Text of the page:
Mr. Robbins1 dined with us to day and has just now told me he intends to make you a vis this afternoon. I hope he will find you quite recovered, and wish you were to return with him. I shall want the pleasure of your company a Wedensy very much—and wish I could offer a sufficient inducement for you to return, tomorrow or next day. I know of nothing to write that will either amuse or give you pleasure. My head is quite barren, my heart is warm. Could you look there you would find it full of good wishes for your health, happiness and pleasure. You are pleased with your visit I know, I wish I was with you. My good my amiable aunt is doing every thing to amuse you, her endeavours will not fail of suckcess I dare say—I hope the dignity of my Eliza will have a good affect upon her cousin.2 If he knew that his conduct was exaggerated much, and heard the speach of every one, I think he woul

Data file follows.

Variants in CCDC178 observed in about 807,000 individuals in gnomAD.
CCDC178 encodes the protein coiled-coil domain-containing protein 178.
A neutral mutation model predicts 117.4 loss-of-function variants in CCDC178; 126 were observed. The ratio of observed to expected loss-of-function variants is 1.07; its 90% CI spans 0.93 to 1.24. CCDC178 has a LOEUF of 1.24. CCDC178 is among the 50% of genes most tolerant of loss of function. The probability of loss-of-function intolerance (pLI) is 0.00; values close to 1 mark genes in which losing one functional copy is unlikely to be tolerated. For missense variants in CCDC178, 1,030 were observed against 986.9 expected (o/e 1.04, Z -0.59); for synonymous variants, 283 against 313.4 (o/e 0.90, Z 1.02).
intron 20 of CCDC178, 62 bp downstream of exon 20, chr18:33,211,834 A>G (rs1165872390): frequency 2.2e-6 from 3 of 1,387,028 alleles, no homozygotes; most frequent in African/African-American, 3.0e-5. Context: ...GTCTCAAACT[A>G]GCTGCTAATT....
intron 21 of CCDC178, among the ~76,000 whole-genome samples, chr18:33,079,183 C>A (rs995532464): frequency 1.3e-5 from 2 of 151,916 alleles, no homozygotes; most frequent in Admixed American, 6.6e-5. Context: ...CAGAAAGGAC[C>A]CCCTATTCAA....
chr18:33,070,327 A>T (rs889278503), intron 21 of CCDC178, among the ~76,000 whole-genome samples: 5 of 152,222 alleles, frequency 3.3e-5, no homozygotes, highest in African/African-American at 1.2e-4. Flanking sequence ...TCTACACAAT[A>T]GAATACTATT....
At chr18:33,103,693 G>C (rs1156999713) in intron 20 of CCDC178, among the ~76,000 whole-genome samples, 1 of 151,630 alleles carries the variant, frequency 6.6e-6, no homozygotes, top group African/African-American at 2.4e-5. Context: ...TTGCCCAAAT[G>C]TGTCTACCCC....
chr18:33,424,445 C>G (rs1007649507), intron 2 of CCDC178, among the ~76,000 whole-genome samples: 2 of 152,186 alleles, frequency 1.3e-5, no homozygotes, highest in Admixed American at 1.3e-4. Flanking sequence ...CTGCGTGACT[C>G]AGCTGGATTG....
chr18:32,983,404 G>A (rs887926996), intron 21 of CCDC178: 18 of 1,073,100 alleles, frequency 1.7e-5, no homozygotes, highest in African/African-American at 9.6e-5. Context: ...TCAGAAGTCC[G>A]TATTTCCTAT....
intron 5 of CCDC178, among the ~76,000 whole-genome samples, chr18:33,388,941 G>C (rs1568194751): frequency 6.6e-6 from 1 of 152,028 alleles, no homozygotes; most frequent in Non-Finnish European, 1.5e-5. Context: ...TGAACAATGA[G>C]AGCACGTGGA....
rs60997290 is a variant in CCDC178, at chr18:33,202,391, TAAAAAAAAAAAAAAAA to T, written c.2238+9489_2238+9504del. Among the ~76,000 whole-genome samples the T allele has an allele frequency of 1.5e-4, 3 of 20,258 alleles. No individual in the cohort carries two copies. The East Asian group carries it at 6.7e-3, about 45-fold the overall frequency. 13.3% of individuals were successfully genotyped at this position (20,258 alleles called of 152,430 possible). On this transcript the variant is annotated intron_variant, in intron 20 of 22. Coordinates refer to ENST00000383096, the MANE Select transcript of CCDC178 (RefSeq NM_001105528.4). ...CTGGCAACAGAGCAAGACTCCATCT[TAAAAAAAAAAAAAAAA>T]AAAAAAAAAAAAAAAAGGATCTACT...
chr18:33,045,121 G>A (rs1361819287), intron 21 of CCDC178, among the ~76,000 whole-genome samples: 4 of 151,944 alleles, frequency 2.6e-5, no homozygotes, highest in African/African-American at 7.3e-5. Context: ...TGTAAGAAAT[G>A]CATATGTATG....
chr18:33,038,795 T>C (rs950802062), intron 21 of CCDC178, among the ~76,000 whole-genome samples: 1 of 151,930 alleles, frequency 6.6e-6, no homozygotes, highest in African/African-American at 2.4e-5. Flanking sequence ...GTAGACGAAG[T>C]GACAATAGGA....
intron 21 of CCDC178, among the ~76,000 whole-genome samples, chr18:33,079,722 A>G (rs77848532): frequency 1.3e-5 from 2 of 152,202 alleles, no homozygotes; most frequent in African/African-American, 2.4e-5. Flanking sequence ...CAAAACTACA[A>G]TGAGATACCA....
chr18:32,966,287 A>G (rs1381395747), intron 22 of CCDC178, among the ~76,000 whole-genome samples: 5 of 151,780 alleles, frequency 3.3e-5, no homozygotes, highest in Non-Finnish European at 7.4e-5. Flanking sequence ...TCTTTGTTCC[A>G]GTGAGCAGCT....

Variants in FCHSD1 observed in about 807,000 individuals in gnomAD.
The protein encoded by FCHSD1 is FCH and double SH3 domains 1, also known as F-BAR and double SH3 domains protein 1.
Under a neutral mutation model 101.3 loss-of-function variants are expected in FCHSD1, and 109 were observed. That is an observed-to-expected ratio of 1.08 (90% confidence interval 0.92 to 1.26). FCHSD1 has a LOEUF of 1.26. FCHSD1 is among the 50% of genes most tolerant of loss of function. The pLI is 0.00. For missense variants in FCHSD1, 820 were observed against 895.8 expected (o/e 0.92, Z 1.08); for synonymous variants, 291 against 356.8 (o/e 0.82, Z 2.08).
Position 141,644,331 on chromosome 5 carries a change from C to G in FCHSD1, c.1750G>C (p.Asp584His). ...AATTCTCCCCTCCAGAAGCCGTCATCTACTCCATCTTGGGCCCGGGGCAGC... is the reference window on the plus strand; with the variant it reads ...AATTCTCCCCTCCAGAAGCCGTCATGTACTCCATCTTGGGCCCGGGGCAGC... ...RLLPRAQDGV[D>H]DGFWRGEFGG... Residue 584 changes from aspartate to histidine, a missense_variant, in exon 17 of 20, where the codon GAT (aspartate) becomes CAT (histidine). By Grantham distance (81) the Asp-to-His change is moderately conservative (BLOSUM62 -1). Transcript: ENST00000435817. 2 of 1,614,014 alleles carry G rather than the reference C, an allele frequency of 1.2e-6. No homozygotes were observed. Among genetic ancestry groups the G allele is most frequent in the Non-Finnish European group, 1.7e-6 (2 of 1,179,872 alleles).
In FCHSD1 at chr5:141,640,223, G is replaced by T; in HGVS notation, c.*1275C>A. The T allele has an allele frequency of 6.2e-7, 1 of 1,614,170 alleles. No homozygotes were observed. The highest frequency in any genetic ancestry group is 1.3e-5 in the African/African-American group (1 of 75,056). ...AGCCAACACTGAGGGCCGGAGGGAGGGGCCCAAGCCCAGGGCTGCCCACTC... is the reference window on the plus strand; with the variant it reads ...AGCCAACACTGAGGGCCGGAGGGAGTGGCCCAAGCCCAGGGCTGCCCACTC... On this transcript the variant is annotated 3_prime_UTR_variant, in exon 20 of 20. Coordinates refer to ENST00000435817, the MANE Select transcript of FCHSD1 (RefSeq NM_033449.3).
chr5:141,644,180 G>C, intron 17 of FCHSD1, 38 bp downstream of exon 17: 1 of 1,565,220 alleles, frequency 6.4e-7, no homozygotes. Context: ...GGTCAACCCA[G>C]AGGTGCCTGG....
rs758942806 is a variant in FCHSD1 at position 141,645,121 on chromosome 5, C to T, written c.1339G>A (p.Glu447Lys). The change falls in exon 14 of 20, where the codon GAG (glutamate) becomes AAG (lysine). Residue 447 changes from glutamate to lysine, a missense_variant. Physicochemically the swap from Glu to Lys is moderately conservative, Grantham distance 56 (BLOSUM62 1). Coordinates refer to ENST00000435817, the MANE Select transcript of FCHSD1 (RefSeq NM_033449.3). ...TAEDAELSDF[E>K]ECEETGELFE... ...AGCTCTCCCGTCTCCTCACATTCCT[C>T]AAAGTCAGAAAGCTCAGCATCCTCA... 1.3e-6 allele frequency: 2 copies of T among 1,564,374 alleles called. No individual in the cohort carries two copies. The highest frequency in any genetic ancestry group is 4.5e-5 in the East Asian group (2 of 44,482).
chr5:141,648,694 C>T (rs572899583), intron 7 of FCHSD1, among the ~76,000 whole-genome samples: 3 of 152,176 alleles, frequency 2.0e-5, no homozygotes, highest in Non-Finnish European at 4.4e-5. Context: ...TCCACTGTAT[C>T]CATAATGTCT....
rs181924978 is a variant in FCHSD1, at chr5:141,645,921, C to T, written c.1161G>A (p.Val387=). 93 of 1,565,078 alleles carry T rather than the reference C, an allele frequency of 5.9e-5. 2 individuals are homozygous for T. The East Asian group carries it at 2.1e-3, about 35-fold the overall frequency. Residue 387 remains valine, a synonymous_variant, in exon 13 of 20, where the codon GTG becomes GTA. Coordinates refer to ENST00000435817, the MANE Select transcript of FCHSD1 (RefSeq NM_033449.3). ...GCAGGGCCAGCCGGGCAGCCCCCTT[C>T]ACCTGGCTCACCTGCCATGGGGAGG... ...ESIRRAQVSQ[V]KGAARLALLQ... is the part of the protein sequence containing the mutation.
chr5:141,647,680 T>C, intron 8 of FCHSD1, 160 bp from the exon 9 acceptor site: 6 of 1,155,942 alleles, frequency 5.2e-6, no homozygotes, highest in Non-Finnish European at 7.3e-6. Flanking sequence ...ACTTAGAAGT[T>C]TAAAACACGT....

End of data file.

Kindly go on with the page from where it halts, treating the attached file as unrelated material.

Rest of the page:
I open my letter to tell you I dreamed a dream last night and had the pleasing idea of our friend T——s4 return but alas twas a false vision.—My Brother Charles is unwell.
Chandler Robbins of Plymouth, who had graduated from Harvard in July, had been engaged as tutor for CA and TBA after Thomas Perkins' departure; see AA to JA, 17–18 July, above; AA to John Thaxter, 26 Oct. 1782 (MB).
Which “aunt” and male “cousin” at Weymouth these may be is not clear.
Possibly Royall Tyler, although it does not seem likely that AA2 would at this point entrust him with letters to her friends.
Doubtless John Thaxter.